“I am, by nature, multidisciplinary. Where does this come from? If you present me with a menu, I’d like to taste everything… The multidisciplinary side, we can say that we brought it into the world in Quebec, with Michel Lemieux, Robert Lepage and others. I remember that at the Edinburgh Festival, at one time, everyone was talking about Robert Lepage. We knew him. But no one knew who Stephen Harper was, the prime minister at the time…I think artists have a certain power that transcends borders. In a way, they have more than politicians. They have real influence. »

Victoria, the old lady in a wheelchair suffering from Alzheimer’s disease, created by Dulcinée Langfelder, has been performed in more than a hundred cities, in English, French and Spanish as well as in Mandarin. In 2009, the artist was unexpectedly invited to play her Victoria in Zimbabwe. Why invite him there, when both Robert Mugabe and cholera are rampant? “The festival organizer explained to me that Victoria gave courage, that we all needed it, that the message was universal. This play could make a difference in Zimbabwe, as elsewhere, because of that, he told me. I was shaken. »

And here she is agreeing to fly to Zimbabwe. “I bought a book dedicated to the dictator Robert Mugabe, in order to try to understand… Should I be afraid to walk around with this book where a photo of Mugabe was clearly visible? No, replied the bookseller. What power is always afraid of is not its representation, but what can germinate through the arts to undermine it. It is through the arts that we think about ourselves, that the dilemmas we all face appear, that we find courage, meaning. The bookseller was right. »

His piece Victoria was the subject of a film. The pandemic has delayed its deployment. “This film will be my legacy, I believe. My company produces it. It is not a capture of the performance on stage, but a film, with its language. We presented a version in Rouyn in March. The real launch remains to be done. It will be this year, she hopes.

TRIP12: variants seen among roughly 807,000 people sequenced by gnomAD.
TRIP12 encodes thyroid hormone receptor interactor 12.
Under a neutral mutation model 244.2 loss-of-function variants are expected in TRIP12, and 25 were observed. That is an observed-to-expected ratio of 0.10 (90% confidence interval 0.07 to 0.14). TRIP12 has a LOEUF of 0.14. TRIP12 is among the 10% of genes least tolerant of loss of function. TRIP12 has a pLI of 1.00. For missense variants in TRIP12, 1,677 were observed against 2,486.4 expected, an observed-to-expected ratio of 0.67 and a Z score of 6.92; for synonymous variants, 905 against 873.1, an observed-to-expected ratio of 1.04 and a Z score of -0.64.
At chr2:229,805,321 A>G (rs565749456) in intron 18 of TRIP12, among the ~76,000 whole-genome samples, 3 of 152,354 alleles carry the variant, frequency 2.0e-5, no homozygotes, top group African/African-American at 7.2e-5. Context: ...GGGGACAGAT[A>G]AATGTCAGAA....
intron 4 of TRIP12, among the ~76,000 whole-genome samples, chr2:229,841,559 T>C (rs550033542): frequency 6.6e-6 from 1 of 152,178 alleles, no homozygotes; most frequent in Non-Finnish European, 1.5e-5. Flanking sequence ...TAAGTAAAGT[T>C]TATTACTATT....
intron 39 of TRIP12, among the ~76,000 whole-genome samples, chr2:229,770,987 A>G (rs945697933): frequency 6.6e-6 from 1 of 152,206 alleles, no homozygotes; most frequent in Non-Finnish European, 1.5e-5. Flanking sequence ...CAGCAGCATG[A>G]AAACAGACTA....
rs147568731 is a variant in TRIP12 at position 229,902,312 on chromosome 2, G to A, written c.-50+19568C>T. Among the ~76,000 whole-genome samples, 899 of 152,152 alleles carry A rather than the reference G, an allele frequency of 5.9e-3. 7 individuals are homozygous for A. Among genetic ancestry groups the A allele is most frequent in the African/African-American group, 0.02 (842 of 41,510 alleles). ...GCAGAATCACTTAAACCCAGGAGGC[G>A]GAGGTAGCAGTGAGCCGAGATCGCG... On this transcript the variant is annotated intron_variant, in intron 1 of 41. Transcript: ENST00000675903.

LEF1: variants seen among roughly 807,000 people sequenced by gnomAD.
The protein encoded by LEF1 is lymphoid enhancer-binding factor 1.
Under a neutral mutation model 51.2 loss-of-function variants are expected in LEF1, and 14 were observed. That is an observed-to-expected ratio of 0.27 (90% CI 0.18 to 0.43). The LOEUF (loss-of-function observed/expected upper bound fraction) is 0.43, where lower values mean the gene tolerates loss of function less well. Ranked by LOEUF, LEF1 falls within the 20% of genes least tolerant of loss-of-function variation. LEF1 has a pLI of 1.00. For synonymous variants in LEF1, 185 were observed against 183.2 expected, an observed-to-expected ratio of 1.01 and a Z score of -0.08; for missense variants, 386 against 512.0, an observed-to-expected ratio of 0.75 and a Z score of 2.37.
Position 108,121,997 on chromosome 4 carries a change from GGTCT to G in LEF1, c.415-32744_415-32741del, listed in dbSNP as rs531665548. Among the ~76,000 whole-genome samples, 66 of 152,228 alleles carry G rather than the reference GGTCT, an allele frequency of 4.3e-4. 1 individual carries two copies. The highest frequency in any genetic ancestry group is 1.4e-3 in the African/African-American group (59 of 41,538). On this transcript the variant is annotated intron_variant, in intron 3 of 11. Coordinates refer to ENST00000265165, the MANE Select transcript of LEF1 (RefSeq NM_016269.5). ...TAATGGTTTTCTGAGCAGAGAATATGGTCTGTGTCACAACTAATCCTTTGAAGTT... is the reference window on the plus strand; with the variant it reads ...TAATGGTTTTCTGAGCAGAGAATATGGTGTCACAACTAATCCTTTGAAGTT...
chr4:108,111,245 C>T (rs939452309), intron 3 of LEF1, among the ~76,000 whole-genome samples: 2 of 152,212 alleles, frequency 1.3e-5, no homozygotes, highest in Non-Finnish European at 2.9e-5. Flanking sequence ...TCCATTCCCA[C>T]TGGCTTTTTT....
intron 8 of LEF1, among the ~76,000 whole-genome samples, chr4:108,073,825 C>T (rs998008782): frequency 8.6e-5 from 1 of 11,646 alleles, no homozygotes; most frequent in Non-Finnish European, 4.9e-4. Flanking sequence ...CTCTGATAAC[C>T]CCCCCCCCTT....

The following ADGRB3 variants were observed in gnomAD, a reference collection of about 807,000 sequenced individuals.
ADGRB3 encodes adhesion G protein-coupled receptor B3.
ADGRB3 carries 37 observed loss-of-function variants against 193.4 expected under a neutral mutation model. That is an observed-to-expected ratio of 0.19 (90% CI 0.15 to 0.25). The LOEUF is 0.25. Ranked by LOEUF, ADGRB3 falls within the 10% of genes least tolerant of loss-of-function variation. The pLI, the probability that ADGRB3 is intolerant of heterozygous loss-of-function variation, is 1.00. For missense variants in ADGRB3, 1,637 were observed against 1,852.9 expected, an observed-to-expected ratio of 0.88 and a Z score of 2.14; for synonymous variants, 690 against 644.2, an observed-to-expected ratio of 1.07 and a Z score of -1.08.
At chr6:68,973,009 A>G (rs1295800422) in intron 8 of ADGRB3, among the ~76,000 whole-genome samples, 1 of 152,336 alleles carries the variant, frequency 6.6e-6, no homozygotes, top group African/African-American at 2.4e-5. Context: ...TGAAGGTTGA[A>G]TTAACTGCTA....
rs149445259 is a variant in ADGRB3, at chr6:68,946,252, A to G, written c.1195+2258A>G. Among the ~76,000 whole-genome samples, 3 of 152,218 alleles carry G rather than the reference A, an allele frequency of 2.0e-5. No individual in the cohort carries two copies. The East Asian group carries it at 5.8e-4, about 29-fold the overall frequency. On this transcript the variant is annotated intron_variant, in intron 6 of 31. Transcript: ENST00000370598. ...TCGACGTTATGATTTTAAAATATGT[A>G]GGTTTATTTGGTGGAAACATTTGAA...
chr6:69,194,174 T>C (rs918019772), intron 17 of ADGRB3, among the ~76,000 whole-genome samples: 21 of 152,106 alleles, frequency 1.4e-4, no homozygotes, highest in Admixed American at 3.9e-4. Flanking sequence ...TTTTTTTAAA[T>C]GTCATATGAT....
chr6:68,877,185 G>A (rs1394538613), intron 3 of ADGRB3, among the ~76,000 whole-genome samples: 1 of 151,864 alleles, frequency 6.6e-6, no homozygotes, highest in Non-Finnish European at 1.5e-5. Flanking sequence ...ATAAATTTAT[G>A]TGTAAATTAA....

“I have always let myself be guided by what enchanted me. » For the 400e birthday of Cervantes, the author of Don Quixote, Dulcinea Langfelder had invested the character of Dulcinea del Toboso, this imaginary woman about whom the spirit of the wandering knight is transported without her ever really appearing in this immense fresco without equal. “My name is already Dulcinea. It was a project made for me! I threw myself into the time of Cervantes, into the history of women, of religion, of all that women had to endure in his name, but also because of old age, disappointments, love … »

She is in the process of reassembling her first piece, Vicious circle. “I am 67 years old. I was diagnosed with cancer. I have the feeling that this will be my last piece, my last contribution. »

The big plastic hoop that accompanied her for years, she finds it to somehow close the loop. “It was Paul Buissonneau who gave me this hoop. He collected everything! In his garage, he had this plastic hoop whose diameter corresponded exactly to my height. It has become something very personal, a sort of talisman. There, I go up the room with a circus artist. I see her again with her. The hoop has something imposing and soft at the same time. I used it so much to make people sing, laugh, dance! The circle remains for me a symbol of inclusion. »

His happiness ? “Several artists tell me that I have inspired them, if only by my freedom, by the idea that I have always put forward: our right to do things differently. In any case, I feel like I’ve done more, much more than I hoped to do when I was twenty. »